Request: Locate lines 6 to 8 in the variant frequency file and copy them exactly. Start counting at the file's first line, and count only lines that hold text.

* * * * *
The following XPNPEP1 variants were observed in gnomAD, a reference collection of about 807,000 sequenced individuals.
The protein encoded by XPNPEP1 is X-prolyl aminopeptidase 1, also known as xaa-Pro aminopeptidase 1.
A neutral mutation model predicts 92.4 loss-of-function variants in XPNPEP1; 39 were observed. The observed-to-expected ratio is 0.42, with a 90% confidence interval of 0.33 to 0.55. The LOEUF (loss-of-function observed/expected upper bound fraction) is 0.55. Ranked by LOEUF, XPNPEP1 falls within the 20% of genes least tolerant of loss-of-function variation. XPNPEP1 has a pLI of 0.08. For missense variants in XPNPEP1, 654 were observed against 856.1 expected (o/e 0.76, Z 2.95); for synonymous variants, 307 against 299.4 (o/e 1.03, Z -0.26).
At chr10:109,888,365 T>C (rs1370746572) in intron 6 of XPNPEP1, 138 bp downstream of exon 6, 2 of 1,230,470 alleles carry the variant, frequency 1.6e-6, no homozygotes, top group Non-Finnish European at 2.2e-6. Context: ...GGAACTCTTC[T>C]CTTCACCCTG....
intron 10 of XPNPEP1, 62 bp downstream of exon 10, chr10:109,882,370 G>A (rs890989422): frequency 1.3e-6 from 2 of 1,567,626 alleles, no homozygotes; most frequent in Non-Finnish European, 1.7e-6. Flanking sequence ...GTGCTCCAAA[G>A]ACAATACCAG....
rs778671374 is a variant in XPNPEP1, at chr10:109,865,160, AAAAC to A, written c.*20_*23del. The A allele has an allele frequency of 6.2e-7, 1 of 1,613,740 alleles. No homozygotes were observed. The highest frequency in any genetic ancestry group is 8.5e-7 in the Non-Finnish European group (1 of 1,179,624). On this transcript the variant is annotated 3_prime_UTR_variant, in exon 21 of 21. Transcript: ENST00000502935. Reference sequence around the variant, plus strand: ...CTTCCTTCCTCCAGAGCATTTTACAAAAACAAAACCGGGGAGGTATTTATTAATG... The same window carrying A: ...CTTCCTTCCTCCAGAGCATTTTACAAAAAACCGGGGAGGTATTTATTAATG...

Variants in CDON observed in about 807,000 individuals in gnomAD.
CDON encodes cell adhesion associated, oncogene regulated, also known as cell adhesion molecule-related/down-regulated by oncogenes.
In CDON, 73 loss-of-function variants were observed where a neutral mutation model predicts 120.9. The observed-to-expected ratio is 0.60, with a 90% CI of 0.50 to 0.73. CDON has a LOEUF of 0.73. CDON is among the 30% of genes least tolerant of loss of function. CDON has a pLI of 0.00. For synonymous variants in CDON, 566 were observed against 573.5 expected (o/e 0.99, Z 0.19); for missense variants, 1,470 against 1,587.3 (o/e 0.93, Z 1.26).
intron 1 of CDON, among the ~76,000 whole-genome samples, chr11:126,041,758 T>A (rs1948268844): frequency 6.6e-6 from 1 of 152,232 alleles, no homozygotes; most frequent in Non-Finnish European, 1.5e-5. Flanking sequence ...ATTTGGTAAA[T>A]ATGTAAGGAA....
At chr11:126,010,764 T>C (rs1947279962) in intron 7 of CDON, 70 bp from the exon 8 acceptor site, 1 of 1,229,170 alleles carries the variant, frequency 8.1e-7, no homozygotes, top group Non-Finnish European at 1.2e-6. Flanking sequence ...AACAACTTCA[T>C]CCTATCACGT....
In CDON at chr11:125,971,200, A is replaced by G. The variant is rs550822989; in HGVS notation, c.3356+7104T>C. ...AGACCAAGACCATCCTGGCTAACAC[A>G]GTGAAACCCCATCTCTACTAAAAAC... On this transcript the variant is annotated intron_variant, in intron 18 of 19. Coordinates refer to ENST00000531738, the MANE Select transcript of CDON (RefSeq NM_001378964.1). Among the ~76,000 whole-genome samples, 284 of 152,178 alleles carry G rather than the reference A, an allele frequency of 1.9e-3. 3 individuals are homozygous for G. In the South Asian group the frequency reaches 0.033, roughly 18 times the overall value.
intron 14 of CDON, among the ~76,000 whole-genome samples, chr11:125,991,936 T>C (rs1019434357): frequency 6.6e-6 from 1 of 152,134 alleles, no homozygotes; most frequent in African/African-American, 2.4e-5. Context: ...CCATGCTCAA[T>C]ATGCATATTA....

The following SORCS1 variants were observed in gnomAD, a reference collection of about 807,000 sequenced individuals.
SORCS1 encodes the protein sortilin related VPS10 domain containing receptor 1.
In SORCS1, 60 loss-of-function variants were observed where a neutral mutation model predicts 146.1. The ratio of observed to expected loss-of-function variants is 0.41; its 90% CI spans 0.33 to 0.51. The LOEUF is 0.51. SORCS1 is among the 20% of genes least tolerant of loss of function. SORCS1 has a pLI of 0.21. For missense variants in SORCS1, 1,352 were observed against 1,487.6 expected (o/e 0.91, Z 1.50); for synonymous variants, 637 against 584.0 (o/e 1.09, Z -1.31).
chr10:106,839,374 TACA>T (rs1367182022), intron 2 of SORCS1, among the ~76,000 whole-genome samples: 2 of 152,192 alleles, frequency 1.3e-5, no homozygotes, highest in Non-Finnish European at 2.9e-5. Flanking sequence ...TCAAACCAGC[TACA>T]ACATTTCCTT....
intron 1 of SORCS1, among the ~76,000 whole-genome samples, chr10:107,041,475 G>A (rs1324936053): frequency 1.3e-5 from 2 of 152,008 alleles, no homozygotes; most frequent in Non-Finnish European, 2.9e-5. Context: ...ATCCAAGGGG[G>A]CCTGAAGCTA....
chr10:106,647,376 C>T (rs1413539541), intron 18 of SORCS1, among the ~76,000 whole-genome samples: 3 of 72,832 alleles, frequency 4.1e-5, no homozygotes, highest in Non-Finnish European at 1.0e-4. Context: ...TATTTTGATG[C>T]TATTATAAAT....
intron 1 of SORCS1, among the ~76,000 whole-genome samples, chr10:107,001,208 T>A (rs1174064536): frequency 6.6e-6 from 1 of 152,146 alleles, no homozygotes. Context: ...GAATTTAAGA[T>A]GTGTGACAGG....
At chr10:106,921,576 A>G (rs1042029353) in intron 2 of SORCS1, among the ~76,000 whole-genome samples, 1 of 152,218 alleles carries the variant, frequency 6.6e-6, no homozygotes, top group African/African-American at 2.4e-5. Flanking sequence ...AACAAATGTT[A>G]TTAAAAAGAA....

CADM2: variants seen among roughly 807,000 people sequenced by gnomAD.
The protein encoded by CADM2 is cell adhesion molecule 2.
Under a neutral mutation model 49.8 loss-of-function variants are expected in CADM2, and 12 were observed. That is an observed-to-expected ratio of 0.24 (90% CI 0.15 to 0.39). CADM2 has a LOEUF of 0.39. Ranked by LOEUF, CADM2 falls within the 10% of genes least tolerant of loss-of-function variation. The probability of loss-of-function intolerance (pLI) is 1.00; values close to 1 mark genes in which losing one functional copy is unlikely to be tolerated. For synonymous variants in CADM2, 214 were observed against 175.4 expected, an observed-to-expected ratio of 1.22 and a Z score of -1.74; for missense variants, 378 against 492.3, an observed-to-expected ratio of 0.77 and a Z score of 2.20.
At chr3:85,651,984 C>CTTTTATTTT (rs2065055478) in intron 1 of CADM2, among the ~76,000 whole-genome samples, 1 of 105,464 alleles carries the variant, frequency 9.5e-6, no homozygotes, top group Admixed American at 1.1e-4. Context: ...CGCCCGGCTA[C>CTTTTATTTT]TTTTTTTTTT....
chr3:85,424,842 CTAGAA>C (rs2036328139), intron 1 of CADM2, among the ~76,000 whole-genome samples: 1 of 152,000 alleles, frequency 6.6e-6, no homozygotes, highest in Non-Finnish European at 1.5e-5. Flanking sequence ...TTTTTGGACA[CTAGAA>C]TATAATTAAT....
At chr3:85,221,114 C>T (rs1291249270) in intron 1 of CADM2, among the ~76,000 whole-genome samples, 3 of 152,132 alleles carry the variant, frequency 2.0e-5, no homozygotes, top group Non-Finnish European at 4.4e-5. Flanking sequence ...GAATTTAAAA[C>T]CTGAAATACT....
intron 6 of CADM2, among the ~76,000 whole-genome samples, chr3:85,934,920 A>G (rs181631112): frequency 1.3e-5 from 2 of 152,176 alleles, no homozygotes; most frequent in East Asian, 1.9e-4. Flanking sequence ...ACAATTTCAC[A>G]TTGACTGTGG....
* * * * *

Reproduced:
rs778671374 is a variant in XPNPEP1, at chr10:109,865,160, AAAAC to A, written c.*20_*23del. The A allele has an allele frequency of 6.2e-7, 1 of 1,613,740 alleles. No homozygotes were observed. The highest frequency in any genetic ancestry group is 8.5e-7 in the Non-Finnish European group (1 of 1,179,624). On this transcript the variant is annotated 3_prime_UTR_variant, in exon 21 of 21. Transcript: ENST00000502935. Reference sequence around the variant, plus strand: ...CTTCCTTCCTCCAGAGCATTTTACAAAAACAAAACCGGGGAGGTATTTATTAATG... The same window carrying A: ...CTTCCTTCCTCCAGAGCATTTTACAAAAAACCGGGGAGGTATTTATTAATG...

Variants in CDON observed in about 807,000 individuals in gnomAD.
CDON encodes cell adhesion associated, oncogene regulated, also known as cell adhesion molecule-related/down-regulated by oncogenes.